Benedictine wants to hear alumni’s favorite memories

Every once in a while we have “eureka” moments, moments of exciting insight that seem to happen in an instant and can disappear just as quickly. It is a moment in which you realize or find something very special.

I had one of those moments in September when Benedictine University had its 2011 Homecoming celebration. It was a beautiful fall day with much fanfare and excitement. Our football team’s wonderful success on the field only added to the festivities.

Over the years, I have noticed that tailgating has become a Homecoming tradition on campus — with families, classes and friends gathering to reminisce and indulge in some very tasty food.

As I moved from table to table and from alumnus to alumna, I had my “eureka” moment. I realized the history of Benedictine is not a horizontal sequence of events easily captured in a narrative. Rather, the history of Benedictine University — and its predecessors St. Procopius College and Illinois Benedictine College — is a sequence of private snapshots experienced by every person who walked on this campus.

I have been the beneficiary over the years of literally hundreds of these stories and unique perspectives about this institution.

Traditional approaches to preparing the history of an institution focus on significant events in the life of the institution. In 1886, for example, the monks of St. Procopius occupied the Neff Farmhouse to begin building their college. In the early 20th century, the decision was made to pursue the sciences as the fundamental course of study for St. Procopius College.

In 1968, women were officially admitted into the college (even though women had enrolled earlier). In 1972, the name was changed to Illinois Benedictine College and in 1996 to Benedictine University.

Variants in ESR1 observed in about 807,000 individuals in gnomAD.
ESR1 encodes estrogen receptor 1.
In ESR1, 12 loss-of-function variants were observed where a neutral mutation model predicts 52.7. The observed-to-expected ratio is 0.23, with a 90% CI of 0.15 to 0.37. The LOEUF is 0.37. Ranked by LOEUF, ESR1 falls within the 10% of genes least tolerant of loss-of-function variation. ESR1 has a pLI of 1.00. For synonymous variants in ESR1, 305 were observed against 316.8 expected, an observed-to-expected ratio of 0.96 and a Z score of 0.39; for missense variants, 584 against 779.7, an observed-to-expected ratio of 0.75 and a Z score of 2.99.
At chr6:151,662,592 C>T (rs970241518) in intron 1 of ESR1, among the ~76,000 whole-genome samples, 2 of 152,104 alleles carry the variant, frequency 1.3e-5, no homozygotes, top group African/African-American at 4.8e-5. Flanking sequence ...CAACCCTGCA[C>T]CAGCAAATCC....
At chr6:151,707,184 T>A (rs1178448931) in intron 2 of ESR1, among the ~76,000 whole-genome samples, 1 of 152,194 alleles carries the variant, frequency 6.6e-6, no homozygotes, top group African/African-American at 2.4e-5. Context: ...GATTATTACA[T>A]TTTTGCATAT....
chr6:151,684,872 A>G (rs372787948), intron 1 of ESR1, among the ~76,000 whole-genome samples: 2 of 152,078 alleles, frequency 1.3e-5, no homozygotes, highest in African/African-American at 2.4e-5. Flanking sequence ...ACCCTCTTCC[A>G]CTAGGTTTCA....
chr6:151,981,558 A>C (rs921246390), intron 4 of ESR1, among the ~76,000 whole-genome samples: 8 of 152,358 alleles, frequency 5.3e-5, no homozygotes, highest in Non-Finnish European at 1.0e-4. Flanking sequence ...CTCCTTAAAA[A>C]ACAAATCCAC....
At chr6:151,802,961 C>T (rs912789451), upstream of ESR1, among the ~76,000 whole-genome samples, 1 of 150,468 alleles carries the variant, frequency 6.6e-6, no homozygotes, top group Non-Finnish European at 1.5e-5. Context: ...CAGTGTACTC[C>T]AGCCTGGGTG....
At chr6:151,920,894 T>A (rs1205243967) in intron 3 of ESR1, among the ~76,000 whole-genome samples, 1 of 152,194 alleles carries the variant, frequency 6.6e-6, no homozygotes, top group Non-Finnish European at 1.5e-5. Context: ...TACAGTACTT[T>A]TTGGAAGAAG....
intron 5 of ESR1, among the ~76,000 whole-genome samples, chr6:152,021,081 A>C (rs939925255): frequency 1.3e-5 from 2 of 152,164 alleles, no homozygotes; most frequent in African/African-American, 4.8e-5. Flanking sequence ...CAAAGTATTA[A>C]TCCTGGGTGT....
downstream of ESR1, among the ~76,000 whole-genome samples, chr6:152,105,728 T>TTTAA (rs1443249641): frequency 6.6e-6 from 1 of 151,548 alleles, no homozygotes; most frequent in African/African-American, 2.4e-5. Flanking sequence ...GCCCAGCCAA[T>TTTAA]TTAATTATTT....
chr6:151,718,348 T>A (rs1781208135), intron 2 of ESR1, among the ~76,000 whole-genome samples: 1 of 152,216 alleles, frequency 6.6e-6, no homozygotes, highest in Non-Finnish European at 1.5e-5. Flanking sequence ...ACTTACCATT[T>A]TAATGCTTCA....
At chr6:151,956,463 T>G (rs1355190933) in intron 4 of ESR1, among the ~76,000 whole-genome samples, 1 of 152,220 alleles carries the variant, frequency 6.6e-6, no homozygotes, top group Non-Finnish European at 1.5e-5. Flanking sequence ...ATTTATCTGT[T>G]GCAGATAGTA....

While these are important events in the history of this wonderful institution, they tell only part of the story. These events are like road signs that depict the direction one should go.

What is not depicted is the journey of those traveling the road. What is missing is the personal story of those who have traveled the Benedictine road — our alumni — no matter when they traversed the campus.

From them, I have heard of the kindness of Archbishop Kucera; the passion and diligence of the Jurica brothers; the discipline and high expectations of Rose Carney; the “ghosts” who supposedly haunt the campus; the Volkswagen that mysteriously appeared in the middle of the Scholl courtyard; the thousands of academic success stories; the barber’s chair in Benedictine Hall; the playing of hockey on the slough (now Lake St. Benedict); the many spouses who met their significant others because of Benedictine University; the chapel in Ben Hall; the dynamiting of the old swimming pool south of Ben Hall; and many other stories.

These are the stories that put meat on the bones of our history, yet they are told (and seldom recorded) only in passing.

Thanks to the digital revolution, we have now come to a time in history in which these personal stories can be recorded and kept for posterity. We have reached a moment wherein each person’s unique memory and experience of the institution can be captured. Your story, their story, and even my story can become part of the permanent history of the institution.

To capture these stories, the university has established a webpage at for people to tell their Benedictine story. Each entry of up to 500 words will become part of the permanent record of the institution (the university reserves the right edit submissions).

If you are unable to access a computer, please jot down your memory on a piece of paper and send it directly to me at the university.

No matter when you walked this campus, your story is a piece of the puzzle that we want to preserve for every generation of Benedictines — past, present and to come.

I am particularly eager to capture the stories of the Golden Eagles, those who graduated more than 50 years ago. They are the last remaining “Procopians” and their memory banks are rich in the treasures of this institution.

This is like a family in which the elders pass on the family history to successive generations. Without this transmission of history, the history itself would be lost.

Therefore, if you are an alumnus or alumna, know any alumni, or have an interesting perspective on Benedictine University, I invite you to share that memory with me.

Ÿ William Carroll is president of Benedictine University.

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